For those that feel inspired by The Homeless Fox to help Stadsmission, you can check their homepage for information on their current projects or make a contribution.
Homeless Fox is made by the British sculptor Laura Ford, born in 1961. Her sculptures are found in Tate Modern’s collections and the Arts Council of Great Britain. She represented Wales at the Venice Biennale 2005. The fox is part of her Rag and Bone sculpture series. In this collection, she created a group of sculptures and drawings based on the children’s stories of Beatrix Potter. Characters that many people have grown up to love. Characters that through her art are portrayed as homeless. Ford works with a variety of materials, often using random recycled materials, from fabric and found objects, to more traditional materials such as bronze and plaster.
Taking the metro in Stockholm is a rather pleasant experience, as many of the stations are full of some very serious art installations. And though the Kungsträdgården Metro Station is among the most impressive in these respects with its illuminated ensemble of neoclassical pillars and statues standing in front of the bare rock tunnel walls. Almost everything on the station tells the story of the site above ground. About its history, former and current buildings. The color scheme – red, white and green – is a reference to the old French formal garden and statues around the station are actually replicas or surviving artifacts of a local palace’s exterior art after it burnt down in 1825.
As impressive as the artwork is, however, it is not what makes this hidden gem of Stockholm special. There are many species of flora and fauna that have attracted researchers and scientists to make this metro stop their home.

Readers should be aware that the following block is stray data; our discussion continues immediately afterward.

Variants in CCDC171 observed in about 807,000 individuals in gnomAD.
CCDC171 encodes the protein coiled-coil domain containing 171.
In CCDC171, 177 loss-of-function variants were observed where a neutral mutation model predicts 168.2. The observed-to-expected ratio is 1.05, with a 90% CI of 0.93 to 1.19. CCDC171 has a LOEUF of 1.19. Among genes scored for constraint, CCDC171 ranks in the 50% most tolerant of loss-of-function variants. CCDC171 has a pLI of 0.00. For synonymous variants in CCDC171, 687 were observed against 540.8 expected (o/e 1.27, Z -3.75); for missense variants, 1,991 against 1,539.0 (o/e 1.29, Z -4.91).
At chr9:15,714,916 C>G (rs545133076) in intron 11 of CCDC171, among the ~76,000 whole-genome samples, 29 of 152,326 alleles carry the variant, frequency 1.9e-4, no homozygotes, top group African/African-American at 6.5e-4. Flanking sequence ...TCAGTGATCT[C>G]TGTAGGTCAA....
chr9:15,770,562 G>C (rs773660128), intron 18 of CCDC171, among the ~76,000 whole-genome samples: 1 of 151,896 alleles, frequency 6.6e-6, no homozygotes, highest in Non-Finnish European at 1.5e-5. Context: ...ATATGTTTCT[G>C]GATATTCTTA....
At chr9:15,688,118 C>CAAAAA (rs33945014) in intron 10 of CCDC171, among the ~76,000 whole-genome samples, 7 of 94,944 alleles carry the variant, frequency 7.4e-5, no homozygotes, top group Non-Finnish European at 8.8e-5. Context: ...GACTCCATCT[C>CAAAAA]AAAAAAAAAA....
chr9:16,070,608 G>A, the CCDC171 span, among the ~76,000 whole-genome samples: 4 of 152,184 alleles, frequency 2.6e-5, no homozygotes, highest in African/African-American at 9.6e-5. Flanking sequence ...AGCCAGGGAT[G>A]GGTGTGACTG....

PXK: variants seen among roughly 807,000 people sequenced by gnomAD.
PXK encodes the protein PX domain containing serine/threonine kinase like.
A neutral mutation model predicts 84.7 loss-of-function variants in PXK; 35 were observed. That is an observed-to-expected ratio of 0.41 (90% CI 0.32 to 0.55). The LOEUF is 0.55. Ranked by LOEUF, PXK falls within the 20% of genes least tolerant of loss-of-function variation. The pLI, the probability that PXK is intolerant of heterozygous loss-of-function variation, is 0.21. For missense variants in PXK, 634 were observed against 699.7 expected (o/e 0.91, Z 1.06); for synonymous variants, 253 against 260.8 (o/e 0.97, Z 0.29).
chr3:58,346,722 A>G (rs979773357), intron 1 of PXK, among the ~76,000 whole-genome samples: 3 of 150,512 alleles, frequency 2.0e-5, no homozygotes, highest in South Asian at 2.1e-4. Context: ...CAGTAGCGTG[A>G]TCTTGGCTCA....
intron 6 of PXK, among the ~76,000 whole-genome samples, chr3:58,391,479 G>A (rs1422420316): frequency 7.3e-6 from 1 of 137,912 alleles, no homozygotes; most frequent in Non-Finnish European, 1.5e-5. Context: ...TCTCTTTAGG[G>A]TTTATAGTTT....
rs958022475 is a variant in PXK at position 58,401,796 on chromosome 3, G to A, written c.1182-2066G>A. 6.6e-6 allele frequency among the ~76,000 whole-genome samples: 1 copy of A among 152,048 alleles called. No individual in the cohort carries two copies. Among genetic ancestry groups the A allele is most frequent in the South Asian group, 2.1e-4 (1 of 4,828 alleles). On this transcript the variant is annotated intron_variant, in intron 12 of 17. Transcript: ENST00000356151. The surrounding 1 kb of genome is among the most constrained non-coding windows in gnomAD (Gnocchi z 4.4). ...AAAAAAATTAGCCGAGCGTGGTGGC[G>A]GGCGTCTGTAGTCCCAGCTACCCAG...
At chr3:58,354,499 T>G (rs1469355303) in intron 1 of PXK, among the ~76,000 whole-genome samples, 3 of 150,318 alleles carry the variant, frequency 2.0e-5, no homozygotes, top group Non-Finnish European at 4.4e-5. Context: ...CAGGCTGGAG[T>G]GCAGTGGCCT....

Kungsträdgården is the only place in Scandinavia where you can find the Lessertia Demichelis, a two-millimeter‘ dwarf spider.’ This little guy only lives in the caves pits and catacombs of southern Europe. The cave-dwelling spider has lived on the station’s walls ever since it opened for service in the mid-1970s, but scientists don’t know exactly how it got there. Presumably, it traveled on machines and excavation equipment from Southern Europe that was used during the construction.
There is also a moss growing on the walls that was previously thought to be extinct in the Stockholm region. The pillow moss growing here has only been found to thrive in the hothouses in Stockholm since the 1930’s and otherwise has remained confined to the Öland and Gotland areas.
In 2016 a team of scientists conducting a survey of the metro’s wildlife discovered two previously unknown species of fungi covering the station walls. Upon closer analysis, the fungi turned out to be from a previously unknown genus, with unique DNA compositions.
The hidden gem of Stockholm Kungsträdgården is the only station in the Stockholm metro system that can boast violet, turquoise, and dark-green salt deposits. Water is continuously dripping from the ceiling, resulting in the beginnings of a dripstone cave. This has been puzzling experts since the cave consists of granite, and dripstone caves normally form on limestone and marble.
The excitement of all of these revelations was so great, that in 2012 the station was closed for a while so that researchers could study everything and take samples.